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The Evolution of the Road Movie

Posted on the 25 November 2011 by Tjatkinson @T_J_atkinson

The Evolution of the Road Movie

For a long time in cinema, filmmakers have become almost obsessed with the concept of driving. Why do we drive? Is it more than just to get to a physical place? In films, the road does more than provide a pathway to a location… its daunting length gives the person driving down it time to think. There are few better times to properly think than while doing something as menial as driving. Driving allows clarity, whether we’re the one driving or simply a passenger. When you’re with a passenger, you have time to talk, discuss things, which can be useful. When we’re alone, we have time to think about whatever issues are pressing us, which can be helpful. And all the while, we’re not bored because we also have to concentrate on driving.

The Evolution of the Road Movie
I haven’t seen a lot of road movies, so perhaps I’m not the best person to be discussing them, but I think I understand what makes them tick, and what’s so attractive about them. Let’s start with the 1969 classic Easy Rider, which was the quintessential road movie. What was it about? What did we learn from it? Sure, it managed to capture such a magical period of time when everyone was carefree and just lived for the sake of living. There were no worries about the economy or anything… it was an almost perfect period, according to many. Easy Rider encapsulates that feeling perfectly. We see two men on motorcycles, driving… where? Anywhere? Sure, there’s a destination, but as with so many road movies, as the film progresses, the destination becomes less important and what becomes more vital is the relationship between the character/s and the road. What freedom has the person or people gained from being out on the open road? I think it’s the freedom from business. From the life of the city, or the sometimes ingratiating normality of home. Just being somewhere, constantly moving, without worries, allows a person to have so much mental clarity, and vision.

Both of Terence Malick’s 1970s films, Badlands and Days of Heaven dealt with the feeling of being on the road, but also added in a different element: being on the run. Particularly in Badlands, which was about two criminals fleeing from the police (a topic revisited with more disturbing clarity of vision in Oliver Stone’s Natural Born Killers). Here, the person still has the freedom of the road, but are fighting to keep it from being taken away from them. The road is almost a key protagonist itself, giving the characters a breath of fresh air and allowing them to simply run.

The Evolution of the Road Movie
One of my favorite road movies is not strictly a road film. Jim Jarmusch’s Stranger than Paradise, my favorite film of the entire 1980s decade. It only becomes a “road” film in the second half, which is an interesting approach. At first it explores the mundane boredom of real life, but once the three protagonists escape to the road, their luck changes. The mood doesn’t dramatically shift, but it’s clear they’ve acquired some freedom they didn’t previously have.

In recent years, the road movie has become slightly more prominent: not essentially the prospect of a “driving” movie, but just the idea of traveling. Going places, sometimes to reach a destination or simply just to escape. Travel itself has always been a curious concept; it makes sense to want to visit different places, but is there some deep seated desire to escape, rooted in our want to travel? Though many of us don’t admit it, the want to travel can sometimes be synonymous with the want to escape.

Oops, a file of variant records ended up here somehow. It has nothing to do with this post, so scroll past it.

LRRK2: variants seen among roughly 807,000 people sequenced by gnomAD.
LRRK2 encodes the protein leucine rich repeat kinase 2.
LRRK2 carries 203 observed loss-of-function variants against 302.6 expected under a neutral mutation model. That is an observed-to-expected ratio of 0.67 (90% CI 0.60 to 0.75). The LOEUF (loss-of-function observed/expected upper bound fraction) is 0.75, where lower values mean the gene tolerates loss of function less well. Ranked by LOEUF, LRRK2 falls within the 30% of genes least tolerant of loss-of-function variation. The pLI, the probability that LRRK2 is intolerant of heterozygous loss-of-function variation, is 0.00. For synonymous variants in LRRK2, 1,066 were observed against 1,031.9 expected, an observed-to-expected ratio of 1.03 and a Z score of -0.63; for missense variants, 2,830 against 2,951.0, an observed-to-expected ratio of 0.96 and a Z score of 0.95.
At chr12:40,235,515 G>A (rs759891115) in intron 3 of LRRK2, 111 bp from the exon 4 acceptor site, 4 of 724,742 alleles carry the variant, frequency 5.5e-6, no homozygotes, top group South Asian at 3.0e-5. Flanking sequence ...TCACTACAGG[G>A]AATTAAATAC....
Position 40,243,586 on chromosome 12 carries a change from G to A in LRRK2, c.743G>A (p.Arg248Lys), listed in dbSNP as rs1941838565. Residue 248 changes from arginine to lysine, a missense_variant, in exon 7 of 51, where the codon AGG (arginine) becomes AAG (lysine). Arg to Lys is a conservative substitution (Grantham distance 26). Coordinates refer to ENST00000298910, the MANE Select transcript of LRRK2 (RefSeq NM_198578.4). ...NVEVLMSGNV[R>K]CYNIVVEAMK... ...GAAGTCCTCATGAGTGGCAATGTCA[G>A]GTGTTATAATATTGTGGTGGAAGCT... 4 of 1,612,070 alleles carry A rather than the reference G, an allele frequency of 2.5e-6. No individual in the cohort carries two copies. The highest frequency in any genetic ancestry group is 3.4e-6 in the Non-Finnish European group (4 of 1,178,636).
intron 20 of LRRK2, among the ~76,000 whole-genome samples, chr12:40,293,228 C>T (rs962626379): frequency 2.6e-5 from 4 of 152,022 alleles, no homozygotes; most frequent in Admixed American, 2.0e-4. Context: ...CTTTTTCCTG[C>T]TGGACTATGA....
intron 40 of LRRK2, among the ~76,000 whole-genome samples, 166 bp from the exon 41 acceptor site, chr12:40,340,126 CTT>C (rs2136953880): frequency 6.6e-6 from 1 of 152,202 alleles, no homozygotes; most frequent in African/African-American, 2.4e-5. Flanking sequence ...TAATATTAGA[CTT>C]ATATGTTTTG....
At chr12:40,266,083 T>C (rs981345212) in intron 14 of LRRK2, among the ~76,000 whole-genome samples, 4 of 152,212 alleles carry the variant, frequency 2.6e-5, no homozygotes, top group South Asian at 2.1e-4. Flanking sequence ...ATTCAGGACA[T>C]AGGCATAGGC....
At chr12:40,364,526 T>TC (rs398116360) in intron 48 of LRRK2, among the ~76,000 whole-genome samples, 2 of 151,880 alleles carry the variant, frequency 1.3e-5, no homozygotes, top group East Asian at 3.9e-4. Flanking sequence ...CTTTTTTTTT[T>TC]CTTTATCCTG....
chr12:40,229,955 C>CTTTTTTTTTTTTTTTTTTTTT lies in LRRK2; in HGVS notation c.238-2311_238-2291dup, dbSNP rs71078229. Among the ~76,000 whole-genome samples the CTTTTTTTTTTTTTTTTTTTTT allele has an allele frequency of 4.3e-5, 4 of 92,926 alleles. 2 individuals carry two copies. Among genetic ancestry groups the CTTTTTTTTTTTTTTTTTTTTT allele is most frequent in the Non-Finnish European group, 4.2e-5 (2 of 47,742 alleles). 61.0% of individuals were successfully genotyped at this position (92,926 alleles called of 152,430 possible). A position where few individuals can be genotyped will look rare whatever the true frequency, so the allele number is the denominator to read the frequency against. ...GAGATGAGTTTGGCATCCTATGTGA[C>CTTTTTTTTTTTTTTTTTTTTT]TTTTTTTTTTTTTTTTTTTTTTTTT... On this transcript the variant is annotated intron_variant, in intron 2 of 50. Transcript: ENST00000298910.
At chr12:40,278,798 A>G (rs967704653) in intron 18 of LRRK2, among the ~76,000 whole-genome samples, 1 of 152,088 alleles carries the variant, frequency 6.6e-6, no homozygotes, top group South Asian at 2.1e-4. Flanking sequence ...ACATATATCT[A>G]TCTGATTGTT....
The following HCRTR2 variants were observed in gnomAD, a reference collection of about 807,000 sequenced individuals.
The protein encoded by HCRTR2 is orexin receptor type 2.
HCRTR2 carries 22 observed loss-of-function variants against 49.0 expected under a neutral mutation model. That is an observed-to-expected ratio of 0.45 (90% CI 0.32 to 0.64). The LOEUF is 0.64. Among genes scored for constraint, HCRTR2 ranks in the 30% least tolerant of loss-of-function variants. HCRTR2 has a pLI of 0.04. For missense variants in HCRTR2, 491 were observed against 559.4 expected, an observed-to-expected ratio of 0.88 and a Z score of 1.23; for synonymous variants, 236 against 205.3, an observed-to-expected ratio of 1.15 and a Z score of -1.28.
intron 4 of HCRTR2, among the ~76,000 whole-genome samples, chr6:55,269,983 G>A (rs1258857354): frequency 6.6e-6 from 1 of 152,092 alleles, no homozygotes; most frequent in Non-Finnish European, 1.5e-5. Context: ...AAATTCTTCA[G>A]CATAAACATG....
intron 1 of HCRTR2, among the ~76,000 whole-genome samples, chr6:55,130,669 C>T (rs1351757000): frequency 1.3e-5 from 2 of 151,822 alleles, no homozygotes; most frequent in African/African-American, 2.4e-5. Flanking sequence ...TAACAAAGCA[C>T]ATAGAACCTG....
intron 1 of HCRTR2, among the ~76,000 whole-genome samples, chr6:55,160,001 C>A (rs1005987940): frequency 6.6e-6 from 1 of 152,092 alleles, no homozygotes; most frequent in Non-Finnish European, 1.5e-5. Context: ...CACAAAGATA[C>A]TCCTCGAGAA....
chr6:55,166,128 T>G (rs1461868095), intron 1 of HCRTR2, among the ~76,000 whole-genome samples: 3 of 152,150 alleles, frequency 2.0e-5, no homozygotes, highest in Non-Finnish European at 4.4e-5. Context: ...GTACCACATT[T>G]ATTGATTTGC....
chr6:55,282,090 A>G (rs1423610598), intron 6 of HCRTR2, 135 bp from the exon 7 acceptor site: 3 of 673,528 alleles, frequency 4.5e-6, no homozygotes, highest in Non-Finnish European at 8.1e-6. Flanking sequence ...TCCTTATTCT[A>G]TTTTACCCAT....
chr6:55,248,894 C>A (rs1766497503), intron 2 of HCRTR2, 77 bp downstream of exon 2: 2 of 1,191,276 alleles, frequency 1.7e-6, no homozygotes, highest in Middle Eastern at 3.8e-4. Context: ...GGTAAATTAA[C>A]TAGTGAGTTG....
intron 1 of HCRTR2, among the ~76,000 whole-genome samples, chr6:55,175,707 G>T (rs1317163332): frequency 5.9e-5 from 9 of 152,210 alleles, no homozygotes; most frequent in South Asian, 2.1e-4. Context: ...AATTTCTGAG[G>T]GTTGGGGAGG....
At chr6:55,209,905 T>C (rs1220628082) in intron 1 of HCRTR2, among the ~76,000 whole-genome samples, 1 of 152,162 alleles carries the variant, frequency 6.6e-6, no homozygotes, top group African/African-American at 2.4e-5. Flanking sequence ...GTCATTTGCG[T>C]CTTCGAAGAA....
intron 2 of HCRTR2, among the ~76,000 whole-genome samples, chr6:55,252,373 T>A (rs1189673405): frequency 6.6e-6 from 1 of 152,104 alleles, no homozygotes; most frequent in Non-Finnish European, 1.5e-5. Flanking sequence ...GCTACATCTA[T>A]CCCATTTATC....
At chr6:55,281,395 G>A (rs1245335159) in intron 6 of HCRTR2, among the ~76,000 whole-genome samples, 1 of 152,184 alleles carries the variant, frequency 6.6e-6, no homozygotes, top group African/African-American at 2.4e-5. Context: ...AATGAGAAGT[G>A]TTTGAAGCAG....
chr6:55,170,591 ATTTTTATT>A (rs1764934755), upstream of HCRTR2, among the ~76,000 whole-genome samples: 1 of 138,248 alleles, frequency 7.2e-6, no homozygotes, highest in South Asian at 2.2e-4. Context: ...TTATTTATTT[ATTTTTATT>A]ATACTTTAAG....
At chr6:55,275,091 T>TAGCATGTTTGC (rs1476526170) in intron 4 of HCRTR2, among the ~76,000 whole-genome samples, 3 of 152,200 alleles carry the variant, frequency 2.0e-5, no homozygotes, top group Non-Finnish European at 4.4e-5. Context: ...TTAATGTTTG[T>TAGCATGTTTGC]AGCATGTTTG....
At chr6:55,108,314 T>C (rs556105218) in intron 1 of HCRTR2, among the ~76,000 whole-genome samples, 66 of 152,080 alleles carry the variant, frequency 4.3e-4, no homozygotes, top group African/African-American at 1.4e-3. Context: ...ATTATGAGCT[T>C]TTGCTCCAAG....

The Evolution of the Road Movie
A film that personifies this feeling absolutely perfectly is one I’ve talked about many times. But it has been a while since I last mentioned it, so I think now is as good as ever to bring it up again. Vincent Gallo’s The Brown Bunny is easily my favorite road movie of the 21st century. Most people associate it with its infamous unsimulated sex scene, but that’s ignorant and irrelevant. The sex scene takes up only 2 minutes of the film’s 92 minute run time, and it’s hardly an important or momentous event, in my opinion. The first hour of the film sees Gallo driving, and doing little else. Occasionally he stops and talks to a stranger, but never for very long. During the first viewing, we don’t understand why so much emphasis is placed on the importance of the driving scenes, but after finding out the film’s big twist and watching the film a second time, it all becomes so hauntingly clear. I won’t spoil the twist, but I will say that, yes, Gallo’s character drives to escape. He has deep seated mental issues he so desperately wants to put behind him, and since he is a good driver, he sees driving as a way of fleeing these problems. So many characters do.

The idea of being in a different location is the simplest form of the reason for travel. We travel to be somewhere else. The road movie is an attempt to harvest these emotional wants, this instinct to feel the need to transport, into a physical being or situation. This is why I think so many of us connect so strongly with the road movie, and why films like Easy Rider and Stranger than Paradise have become favourites among cult movie fans. Because all those thousands of years ago, there were the things man needed to do, such as eat and reproduce. But there was also one big thing they wanted to do, something that has never escaped us, and that all of us still feel the urge to do every day: move.

Those are my thoughts. What do you think? Was my rant all rubbish, or did I have a point? What are some of your favorite road movies? Leave a comment below.

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